Vincent van Gogh: A Look at His Life, Work and Influence

Who was Vincent van Gogh?

Vincent van Gogh was a post-Impressionist artist whose pieces profoundly influenced 20th-century art due to their aesthetic appeal, emotional depth, and vibrant color palette. Throughout his life, he battled mental illness, lived in poverty, and was largely unknown. Van Gogh tried to capture his innermost feelings and spiritual condition in his paintings. Van Gogh’s vivid, sumptuous canvases, bursting with obvious brushstrokes and rich, vibrant colors, highlight his vividly expressed, deeply personal expression captured in paint. Every painting gives the viewer a clear understanding of the artist’s interpretation of each scenario, as seen through his heart, thoughts, and eyes. Through his profoundly unique and emotionally charged style, Van Gogh has influenced artists and movements well into the 20th century and beyond.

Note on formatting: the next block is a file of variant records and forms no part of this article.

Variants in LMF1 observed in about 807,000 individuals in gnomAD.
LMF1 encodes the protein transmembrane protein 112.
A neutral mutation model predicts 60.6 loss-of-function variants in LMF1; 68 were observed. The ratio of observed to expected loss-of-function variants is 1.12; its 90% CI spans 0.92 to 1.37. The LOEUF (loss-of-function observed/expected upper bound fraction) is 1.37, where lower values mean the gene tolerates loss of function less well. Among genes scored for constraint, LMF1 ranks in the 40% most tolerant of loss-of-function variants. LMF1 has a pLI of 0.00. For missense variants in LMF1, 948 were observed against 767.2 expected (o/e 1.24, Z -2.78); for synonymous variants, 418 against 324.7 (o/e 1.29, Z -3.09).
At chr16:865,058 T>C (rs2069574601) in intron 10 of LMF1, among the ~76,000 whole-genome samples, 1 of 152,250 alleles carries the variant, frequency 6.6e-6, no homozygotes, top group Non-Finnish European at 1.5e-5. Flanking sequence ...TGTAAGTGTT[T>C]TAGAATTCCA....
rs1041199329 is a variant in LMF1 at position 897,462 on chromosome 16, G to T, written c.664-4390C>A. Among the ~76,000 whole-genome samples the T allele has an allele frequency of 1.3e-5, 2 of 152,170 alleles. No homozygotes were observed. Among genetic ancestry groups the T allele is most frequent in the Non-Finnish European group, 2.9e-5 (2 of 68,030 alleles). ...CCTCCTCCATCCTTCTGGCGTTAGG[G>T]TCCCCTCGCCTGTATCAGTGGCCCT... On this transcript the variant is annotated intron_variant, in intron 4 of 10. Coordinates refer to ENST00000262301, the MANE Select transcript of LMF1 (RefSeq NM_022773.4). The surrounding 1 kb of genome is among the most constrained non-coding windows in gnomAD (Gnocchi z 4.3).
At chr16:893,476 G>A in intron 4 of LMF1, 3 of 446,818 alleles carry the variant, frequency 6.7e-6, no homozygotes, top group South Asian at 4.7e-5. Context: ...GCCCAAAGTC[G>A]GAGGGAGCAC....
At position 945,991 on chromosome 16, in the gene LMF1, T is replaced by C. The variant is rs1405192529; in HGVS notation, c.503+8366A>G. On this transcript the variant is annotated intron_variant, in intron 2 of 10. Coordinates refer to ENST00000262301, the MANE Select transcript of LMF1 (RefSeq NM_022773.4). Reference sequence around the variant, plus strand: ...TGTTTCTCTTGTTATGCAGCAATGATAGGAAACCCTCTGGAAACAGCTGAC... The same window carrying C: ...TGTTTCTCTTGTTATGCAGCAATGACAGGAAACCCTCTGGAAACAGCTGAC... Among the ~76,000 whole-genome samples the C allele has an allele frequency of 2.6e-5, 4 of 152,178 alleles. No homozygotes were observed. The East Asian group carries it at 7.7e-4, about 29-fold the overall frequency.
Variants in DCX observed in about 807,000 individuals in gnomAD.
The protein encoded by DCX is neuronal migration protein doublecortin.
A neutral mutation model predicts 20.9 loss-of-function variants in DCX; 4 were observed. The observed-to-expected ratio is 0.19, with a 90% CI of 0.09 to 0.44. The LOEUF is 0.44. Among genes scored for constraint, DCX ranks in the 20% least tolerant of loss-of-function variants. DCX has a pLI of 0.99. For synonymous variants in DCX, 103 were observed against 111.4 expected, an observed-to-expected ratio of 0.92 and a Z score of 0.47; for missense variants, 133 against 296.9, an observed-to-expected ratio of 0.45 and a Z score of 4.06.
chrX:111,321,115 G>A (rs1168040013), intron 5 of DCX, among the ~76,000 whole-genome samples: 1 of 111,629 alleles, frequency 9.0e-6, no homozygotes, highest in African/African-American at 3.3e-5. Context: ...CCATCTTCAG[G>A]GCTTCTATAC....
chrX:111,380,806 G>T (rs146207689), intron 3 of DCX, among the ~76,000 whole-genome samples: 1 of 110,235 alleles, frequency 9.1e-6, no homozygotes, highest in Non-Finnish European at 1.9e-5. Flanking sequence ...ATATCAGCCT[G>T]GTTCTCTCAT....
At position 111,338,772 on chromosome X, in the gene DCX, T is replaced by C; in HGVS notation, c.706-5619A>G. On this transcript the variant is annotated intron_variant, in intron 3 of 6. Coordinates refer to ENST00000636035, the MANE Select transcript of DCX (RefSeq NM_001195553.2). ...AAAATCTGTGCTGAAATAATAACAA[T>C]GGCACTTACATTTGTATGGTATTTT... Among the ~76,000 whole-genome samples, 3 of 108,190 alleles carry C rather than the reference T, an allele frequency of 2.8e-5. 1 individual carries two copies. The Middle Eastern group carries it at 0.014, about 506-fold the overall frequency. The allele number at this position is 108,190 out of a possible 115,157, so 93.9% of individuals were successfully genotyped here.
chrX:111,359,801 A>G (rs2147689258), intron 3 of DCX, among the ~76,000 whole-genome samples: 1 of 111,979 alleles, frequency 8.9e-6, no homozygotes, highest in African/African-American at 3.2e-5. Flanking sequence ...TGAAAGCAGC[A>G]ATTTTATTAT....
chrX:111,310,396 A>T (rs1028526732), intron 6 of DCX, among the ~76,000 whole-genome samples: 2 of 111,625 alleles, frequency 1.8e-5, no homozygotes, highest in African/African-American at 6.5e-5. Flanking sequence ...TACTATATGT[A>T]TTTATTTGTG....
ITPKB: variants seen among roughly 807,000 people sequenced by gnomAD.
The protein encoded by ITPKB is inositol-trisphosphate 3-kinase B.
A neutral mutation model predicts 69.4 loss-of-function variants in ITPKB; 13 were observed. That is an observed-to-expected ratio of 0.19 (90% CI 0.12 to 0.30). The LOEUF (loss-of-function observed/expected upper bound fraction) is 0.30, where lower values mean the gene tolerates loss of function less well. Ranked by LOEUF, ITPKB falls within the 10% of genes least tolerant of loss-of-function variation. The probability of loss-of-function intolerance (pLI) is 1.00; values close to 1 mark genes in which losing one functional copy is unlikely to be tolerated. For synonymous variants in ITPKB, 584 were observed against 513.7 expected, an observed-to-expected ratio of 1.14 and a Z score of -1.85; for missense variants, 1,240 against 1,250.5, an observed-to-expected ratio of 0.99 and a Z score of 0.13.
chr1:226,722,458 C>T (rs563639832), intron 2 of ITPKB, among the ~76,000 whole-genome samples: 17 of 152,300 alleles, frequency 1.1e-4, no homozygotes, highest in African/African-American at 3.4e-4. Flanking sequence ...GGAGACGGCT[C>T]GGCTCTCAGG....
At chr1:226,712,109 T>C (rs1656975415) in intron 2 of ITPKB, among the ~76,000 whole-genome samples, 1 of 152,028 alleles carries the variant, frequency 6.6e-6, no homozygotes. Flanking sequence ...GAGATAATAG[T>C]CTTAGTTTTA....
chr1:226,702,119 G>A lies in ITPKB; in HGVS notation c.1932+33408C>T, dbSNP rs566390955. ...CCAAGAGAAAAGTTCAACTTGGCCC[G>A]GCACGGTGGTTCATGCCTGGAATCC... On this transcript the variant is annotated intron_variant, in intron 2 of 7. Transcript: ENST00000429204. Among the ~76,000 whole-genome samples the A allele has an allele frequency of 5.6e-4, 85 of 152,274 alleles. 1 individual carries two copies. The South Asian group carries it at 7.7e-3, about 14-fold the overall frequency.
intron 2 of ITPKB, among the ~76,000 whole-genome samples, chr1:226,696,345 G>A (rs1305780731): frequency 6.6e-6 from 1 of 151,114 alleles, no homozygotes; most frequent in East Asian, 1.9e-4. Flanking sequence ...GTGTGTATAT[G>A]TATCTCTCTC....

Early Life and Influences

Vincent Van Gogh was born in Groot-Zundert, Netherlands, on March 30, 1853. At fifteen, van Gogh’s family had financial difficulties, so he had to drop out of school and start working. His Uncle Cornelis hired him to work for Goupil & Cie., a The Hague-based firm of art dealers. Van Gogh was moved to the Groupil Gallery in London in June 1873. He developed a deep affection for English culture there.